I am excited and still surprised to announce that this weekend my husband and I are competing in our very first CrossFit competition. It’s only been about four months of “CrossFitting” but we decided to dive head first into the challenge. In some ways, it makes perfect sense. Since joining our box (CrossFit gym affiliation) in early November, we've grown so much; each day we’re getting stronger and more confident. So, when less than two months ago the opportunity to compete was presented, it would only make sense that I would immediately jump on it. But, I had a minor internal struggle about whether or not I would compete. When I came to the box, it was not my intention to train to compete; rather I saw an opportunity to challenge myself. (And if we are being perfectly honest, I watched the CrossFit Games on TV and I wanted to look as fit as those ladies!)
So why not compete?
I had come to a point in my life, where I believed competition was behind me. This was not because I felt “too old” or out of shape or was scared I wouldn't do well. There was something else, much deeper inside, which I would have to come to terms with. Growing up I was always involved in athletics—and not just-for-fun athletics—every sport I played was on a very competitive level. I went to the Junior Olympics as a sprinter, I was on various state champion teams for track, was the captain for various teams, and played almost every sport under the sun. And I loved it. I loved the “do or die,” “go hard or go home,” win, win, win feeling. Then, when I graduated from college and entered the “work world,” I left behind my team sports. It wasn’t long before I found myself channeling my competitive mind to my professional and personal identity. Unlike in sports, when a competitive drive can be productive and even necessary, my instinctive competition became self-hurting.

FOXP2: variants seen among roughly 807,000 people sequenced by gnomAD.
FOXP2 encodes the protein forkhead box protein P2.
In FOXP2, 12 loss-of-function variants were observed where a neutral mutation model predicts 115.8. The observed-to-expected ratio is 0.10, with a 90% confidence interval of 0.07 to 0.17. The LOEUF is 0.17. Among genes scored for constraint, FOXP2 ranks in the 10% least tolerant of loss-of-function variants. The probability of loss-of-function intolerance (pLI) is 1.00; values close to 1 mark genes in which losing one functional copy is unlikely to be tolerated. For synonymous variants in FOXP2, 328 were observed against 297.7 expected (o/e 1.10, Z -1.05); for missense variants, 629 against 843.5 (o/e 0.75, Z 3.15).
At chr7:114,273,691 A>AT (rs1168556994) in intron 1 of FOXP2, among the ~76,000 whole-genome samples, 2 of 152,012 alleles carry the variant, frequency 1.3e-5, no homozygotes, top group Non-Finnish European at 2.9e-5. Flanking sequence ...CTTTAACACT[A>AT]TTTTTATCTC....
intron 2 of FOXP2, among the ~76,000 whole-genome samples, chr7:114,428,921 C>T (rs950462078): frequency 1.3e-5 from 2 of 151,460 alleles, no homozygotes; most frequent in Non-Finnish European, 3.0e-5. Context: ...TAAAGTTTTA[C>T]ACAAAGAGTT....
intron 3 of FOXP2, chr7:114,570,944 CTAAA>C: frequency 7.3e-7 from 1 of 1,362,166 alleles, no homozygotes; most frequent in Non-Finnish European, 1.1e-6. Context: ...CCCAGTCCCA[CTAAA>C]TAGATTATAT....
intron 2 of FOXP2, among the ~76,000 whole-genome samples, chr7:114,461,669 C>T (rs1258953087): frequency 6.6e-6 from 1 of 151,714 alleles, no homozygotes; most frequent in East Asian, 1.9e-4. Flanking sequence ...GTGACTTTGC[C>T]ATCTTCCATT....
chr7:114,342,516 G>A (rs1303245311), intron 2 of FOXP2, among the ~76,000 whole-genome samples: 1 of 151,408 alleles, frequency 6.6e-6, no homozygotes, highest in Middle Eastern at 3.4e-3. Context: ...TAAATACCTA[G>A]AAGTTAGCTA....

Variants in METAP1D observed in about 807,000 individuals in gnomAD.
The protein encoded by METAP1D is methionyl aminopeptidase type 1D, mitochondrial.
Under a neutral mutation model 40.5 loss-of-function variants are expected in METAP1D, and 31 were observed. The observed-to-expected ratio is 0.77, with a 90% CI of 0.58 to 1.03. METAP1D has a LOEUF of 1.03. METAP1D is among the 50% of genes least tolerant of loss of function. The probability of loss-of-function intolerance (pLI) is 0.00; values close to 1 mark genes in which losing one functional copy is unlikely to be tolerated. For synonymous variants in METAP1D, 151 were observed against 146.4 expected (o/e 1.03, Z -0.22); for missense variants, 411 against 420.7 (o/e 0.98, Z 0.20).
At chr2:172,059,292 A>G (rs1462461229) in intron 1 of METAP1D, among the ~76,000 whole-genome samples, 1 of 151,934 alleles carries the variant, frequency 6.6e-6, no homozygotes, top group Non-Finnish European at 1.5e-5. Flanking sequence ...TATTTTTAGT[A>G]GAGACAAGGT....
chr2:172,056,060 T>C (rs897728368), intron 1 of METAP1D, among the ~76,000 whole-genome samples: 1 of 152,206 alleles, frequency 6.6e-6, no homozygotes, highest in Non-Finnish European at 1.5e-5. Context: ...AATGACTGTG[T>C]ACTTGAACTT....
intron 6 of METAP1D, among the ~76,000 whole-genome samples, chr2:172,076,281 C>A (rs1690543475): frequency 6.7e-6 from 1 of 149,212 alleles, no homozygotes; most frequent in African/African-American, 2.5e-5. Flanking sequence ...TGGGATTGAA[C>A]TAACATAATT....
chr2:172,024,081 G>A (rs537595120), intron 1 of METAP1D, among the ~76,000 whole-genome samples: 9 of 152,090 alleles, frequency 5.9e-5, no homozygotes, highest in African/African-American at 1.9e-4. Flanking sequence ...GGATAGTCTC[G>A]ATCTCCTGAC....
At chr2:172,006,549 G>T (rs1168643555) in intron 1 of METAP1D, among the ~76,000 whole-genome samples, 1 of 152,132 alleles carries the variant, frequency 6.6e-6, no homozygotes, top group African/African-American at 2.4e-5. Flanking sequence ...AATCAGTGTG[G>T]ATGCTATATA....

It was at a time of pain that I came to begin my yoga practice. In many ways I was going through a quarter-life crisis. I was deciding what to do and where to go, and how to be okay with my choices. (If you want to learn more, just read some of my older posts!) Basically, I was hurting both physically and emotionally, as my stress slowly took hold of me. Luckily for me, I had my youth and developed my yoga practice at a perfect time. In the beginning, I continued to struggle with competitive feelings. During class I would stare at myself and others in the mirror, comparing my ability to theirs. I always wanted to push harder, “do better at yoga,” and was continually frustrated with myself. It took some time, but through practice I realized that there was no “winning” yoga. There would be no end to my effort, it’s continuing, it’s constant, it’s forever. Coming to that realization was not only freeing, it was humbling. When I let go of my need to push, I finally moved forward. My mind’s constant judgment resulted in my body being stuck. Once that powerful hold was gone, balance and flexibility came easy. Poses became beautiful and my mind felt light.
So, am I taking a step back by training at a CrossFit gym and—even worse—competing again?
No. I have decided to think about life as stepping stones, and whether or not you begin something that you’ve already done before—it will never be the same, because you are not the same. If I had started CrossFit instead of yoga three years ago, I would be a completely different person today. My guess is that I would be extremely critical, unforgiving, and aggressive. This is not because CrossFit makes you so, but because of where I was in my life. Having built a foundation in yoga instead, I came to CrossFit with an entirely different mindset. I would not be stepping back to the blindly competitive 18-year-old, because I am no longer that girl. Having forgiven myself, I can now train with a much clearer mind. Not only that, but now I can see how we're all in this together. Everyone is challenging themselves, in their own way, at their own pace. I can only ever compete with myself, so either I win or I lose.
Don’t get me wrong, it ain’t easy.
I always have to check in with myself, remind myself to be weary of old habits, and be open to move forward. As yoga has taught me, you are never “good to go;” you are never done growing. Pushing yourself forward is part of life—progress—but is not the only way you grow.
I practice yoga for my mental strength and clarity, and I train at CrossFit for my physical and mental challenge. To me, they are intertwined and not mutually exclusive. So when I compete this weekend I know that with each moment, I have an opportunity to grow. And with each breath out, I begin again.